If we focus on the screw-top market, which is a product range that we are strengthening in our portfolio with the acquisition of INESA, the future prospects are really optimistic. According to a recent market study, over one third of wine bottles in the world have a screw top. There is an upward trend, as there are markets where this is already the closure mainly used for wines, such as Chile, South Africa and Australia, and this trend is expected to grow over the next 10 years. The use of screw tops is growing at a rate of 7%, while wine consumption is increasing at 1%, so it is clearly gaining ground on other types of caps. In some markets this is already the type of cap primarily used by vineyards, such as in Chile, where 56% of bottles specially made for exportation have a screw cap.
In terms of the overall Ramondin business mix, the level of overseas sales exceeds 80% of our business. As well as plants in France, Argentina and the USA, the company sells directly to over 50 countries, through different sales delegations and its large sales network distributed around the world. If we talk about goals and challenges for the future, we could mention that there is still a lot of work to be done in different markets, both in some of the traditional ones and in other new markets that are growing fast: certain South American countries, Australia, etc. There are also emerging markets such as Asia.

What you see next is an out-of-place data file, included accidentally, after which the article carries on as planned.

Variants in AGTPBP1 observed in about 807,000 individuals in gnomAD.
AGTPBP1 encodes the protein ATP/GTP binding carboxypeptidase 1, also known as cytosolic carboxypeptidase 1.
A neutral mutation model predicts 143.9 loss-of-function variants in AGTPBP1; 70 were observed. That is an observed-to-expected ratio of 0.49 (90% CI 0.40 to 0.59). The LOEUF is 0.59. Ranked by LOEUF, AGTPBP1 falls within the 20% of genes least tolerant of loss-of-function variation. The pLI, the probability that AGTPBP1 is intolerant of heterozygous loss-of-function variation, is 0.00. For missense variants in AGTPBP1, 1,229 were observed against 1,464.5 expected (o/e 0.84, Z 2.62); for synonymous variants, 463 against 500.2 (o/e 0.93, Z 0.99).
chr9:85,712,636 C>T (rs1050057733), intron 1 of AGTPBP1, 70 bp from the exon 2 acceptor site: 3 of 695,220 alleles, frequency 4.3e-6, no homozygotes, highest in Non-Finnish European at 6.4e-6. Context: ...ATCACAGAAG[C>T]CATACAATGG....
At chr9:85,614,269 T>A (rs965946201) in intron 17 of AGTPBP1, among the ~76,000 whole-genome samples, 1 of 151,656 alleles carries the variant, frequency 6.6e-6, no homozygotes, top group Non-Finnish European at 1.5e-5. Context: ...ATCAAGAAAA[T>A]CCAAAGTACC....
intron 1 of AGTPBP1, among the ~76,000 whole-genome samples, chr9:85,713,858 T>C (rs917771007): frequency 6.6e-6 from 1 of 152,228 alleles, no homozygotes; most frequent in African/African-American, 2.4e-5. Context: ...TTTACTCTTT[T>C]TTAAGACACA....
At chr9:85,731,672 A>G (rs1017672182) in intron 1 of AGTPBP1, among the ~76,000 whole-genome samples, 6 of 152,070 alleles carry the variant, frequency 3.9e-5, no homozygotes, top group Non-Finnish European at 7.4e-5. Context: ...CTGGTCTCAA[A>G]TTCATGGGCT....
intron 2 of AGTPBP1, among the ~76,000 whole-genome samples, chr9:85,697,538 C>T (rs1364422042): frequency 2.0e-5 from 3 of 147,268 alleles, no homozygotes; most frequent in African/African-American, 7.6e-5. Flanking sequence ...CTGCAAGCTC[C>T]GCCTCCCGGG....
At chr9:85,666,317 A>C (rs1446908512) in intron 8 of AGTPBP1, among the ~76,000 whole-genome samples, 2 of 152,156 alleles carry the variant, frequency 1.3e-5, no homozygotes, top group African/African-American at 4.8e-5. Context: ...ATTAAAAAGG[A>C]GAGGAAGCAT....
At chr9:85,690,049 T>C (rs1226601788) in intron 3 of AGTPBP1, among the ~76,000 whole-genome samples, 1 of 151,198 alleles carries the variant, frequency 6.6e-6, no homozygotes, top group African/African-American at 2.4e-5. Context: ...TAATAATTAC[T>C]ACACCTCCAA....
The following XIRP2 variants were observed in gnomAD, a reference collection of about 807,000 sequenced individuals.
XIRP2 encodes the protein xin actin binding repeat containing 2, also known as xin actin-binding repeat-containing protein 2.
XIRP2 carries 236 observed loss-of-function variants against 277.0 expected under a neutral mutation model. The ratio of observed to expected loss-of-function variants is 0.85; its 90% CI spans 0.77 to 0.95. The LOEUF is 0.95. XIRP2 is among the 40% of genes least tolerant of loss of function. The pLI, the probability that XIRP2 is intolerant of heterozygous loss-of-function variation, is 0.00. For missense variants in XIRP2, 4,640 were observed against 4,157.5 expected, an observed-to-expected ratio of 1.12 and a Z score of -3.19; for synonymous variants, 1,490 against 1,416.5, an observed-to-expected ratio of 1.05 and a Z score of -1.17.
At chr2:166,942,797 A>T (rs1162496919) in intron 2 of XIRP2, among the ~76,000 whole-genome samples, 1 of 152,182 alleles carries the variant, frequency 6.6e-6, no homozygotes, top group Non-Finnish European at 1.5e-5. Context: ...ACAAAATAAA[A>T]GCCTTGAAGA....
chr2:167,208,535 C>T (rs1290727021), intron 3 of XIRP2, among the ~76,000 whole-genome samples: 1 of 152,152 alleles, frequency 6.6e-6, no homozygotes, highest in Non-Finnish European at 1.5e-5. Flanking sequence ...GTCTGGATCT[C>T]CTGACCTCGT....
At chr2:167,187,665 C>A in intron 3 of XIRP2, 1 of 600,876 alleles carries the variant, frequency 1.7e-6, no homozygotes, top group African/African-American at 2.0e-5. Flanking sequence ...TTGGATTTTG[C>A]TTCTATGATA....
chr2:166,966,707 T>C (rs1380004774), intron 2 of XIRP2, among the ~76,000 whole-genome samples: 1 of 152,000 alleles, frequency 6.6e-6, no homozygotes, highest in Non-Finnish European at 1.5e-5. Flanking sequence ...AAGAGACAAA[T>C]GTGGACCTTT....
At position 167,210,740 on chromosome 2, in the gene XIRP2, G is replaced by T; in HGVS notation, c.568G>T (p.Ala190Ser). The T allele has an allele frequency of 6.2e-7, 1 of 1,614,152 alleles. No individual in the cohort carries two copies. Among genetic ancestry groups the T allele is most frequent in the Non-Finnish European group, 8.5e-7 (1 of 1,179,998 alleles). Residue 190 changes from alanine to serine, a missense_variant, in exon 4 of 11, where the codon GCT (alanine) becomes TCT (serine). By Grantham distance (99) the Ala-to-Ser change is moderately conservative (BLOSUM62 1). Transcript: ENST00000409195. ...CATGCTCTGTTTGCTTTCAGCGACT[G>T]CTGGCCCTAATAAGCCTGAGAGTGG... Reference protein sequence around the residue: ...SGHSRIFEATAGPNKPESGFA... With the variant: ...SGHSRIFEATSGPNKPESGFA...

What is the main competitive advantage of Ramondin over its competitors?
The key factor in the Ramondin strategy is based on two main pillars: differentiation with our high added value products and investment in innovation. We are characterised by banking on high quality capsules, differentiating ourselves from our competitors, and on ongoing support for offering alternatives to the market (new materials, anti-falsification systems, traceability, etc.). All this along with our guarantee and the reliability of our service, which is an essential part of our company philosophy.
Respect for and protection of the environment, an exemplary employment policy, transparency… in short, Social Responsibility is an increasingly important concern for vineyards and distilleries… which requires that partners and suppliers – in this case Ramondin – are also compliant. For Ramondin, Corporate Social Responsiblility has become a strategic concern, so much so that it is the only company in the sector that has AENOR IQNet SR10 certification for its CSR actions. Only around 60 businesses in the world hold this certification.